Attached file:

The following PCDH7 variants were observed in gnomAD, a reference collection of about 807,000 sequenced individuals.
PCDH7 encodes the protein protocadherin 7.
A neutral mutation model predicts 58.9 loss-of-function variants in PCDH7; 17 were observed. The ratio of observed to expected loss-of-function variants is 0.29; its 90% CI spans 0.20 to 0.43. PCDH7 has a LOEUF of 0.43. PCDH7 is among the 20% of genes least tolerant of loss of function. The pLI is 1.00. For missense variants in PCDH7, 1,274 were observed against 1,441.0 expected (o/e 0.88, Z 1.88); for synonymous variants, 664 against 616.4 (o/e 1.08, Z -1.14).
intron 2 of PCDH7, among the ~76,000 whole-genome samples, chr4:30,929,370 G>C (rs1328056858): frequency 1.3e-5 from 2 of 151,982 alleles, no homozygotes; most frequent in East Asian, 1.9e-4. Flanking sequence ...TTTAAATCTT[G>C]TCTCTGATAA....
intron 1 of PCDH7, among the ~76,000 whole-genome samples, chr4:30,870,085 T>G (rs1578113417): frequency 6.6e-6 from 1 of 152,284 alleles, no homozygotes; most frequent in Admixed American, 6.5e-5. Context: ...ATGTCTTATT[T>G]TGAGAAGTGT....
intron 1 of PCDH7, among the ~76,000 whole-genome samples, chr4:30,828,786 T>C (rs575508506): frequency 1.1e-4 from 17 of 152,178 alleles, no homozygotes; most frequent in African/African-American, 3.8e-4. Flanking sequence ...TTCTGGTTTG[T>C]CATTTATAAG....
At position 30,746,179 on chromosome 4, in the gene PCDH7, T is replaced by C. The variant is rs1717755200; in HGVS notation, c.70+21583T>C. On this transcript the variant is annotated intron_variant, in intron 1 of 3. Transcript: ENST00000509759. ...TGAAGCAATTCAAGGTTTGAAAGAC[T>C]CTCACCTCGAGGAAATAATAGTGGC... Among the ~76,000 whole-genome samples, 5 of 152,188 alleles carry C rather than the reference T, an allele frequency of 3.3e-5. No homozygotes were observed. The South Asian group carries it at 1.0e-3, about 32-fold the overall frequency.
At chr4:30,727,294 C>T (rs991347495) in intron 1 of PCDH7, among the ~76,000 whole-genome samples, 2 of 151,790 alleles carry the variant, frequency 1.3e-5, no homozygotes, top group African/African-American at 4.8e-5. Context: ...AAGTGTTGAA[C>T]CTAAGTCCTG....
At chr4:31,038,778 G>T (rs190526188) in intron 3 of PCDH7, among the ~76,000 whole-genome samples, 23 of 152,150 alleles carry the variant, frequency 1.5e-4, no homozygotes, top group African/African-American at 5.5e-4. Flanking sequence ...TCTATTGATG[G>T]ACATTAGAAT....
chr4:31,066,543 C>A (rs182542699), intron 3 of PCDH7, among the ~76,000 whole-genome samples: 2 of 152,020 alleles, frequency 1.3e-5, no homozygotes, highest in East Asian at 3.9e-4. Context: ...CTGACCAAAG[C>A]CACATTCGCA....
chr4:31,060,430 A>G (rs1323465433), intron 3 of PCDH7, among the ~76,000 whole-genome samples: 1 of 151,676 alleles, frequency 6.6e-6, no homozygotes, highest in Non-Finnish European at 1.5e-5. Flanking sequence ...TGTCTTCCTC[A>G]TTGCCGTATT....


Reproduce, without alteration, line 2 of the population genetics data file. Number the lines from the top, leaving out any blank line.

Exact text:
PCDH7 encodes the protein protocadherin 7.